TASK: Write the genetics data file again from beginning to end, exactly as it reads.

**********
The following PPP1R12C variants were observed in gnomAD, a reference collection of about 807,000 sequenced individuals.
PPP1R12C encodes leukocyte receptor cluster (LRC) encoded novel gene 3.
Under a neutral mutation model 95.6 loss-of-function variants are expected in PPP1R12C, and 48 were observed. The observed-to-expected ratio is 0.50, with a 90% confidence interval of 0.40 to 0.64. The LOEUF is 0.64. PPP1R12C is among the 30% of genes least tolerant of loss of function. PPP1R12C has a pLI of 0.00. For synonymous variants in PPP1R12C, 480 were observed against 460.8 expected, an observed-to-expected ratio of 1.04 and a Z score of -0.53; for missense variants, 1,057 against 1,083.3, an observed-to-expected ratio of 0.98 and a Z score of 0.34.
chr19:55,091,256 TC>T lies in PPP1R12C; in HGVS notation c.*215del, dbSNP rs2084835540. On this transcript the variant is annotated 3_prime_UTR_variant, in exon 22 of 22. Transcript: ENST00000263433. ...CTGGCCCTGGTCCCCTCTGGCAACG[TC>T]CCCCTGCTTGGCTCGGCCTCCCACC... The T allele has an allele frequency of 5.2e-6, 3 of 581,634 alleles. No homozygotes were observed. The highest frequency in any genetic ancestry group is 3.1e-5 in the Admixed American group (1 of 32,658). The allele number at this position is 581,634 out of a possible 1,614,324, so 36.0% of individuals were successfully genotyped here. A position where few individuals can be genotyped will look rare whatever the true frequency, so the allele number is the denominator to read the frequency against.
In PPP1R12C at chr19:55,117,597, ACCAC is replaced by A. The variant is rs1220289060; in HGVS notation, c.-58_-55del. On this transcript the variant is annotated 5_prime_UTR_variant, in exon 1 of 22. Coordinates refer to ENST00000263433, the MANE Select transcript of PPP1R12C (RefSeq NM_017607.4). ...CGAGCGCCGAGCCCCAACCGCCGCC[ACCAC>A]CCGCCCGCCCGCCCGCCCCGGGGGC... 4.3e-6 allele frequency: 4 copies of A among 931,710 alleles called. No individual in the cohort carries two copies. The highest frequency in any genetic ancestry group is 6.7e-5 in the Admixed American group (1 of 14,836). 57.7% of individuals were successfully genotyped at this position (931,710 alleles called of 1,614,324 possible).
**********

The following PPP1R12C variants were observed in gnomAD, a reference collection of about 807,000 sequenced individuals.
PPP1R12C encodes leukocyte receptor cluster (LRC) encoded novel gene 3.
Under a neutral mutation model 95.6 loss-of-function variants are expected in PPP1R12C, and 48 were observed. The observed-to-expected ratio is 0.50, with a 90% confidence interval of 0.40 to 0.64. The LOEUF is 0.64. PPP1R12C is among the 30% of genes least tolerant of loss of function. PPP1R12C has a pLI of 0.00. For synonymous variants in PPP1R12C, 480 were observed against 460.8 expected, an observed-to-expected ratio of 1.04 and a Z score of -0.53; for missense variants, 1,057 against 1,083.3, an observed-to-expected ratio of 0.98 and a Z score of 0.34.
chr19:55,091,256 TC>T lies in PPP1R12C; in HGVS notation c.*215del, dbSNP rs2084835540. On this transcript the variant is annotated 3_prime_UTR_variant, in exon 22 of 22. Transcript: ENST00000263433. ...CTGGCCCTGGTCCCCTCTGGCAACG[TC>T]CCCCTGCTTGGCTCGGCCTCCCACC... The T allele has an allele frequency of 5.2e-6, 3 of 581,634 alleles. No homozygotes were observed. The highest frequency in any genetic ancestry group is 3.1e-5 in the Admixed American group (1 of 32,658). The allele number at this position is 581,634 out of a possible 1,614,324, so 36.0% of individuals were successfully genotyped here. A position where few individuals can be genotyped will look rare whatever the true frequency, so the allele number is the denominator to read the frequency against.
In PPP1R12C at chr19:55,117,597, ACCAC is replaced by A. The variant is rs1220289060; in HGVS notation, c.-58_-55del. On this transcript the variant is annotated 5_prime_UTR_variant, in exon 1 of 22. Coordinates refer to ENST00000263433, the MANE Select transcript of PPP1R12C (RefSeq NM_017607.4). ...CGAGCGCCGAGCCCCAACCGCCGCC[ACCAC>A]CCGCCCGCCCGCCCGCCCCGGGGGC... 4.3e-6 allele frequency: 4 copies of A among 931,710 alleles called. No individual in the cohort carries two copies. The highest frequency in any genetic ancestry group is 6.7e-5 in the Admixed American group (1 of 14,836). 57.7% of individuals were successfully genotyped at this position (931,710 alleles called of 1,614,324 possible).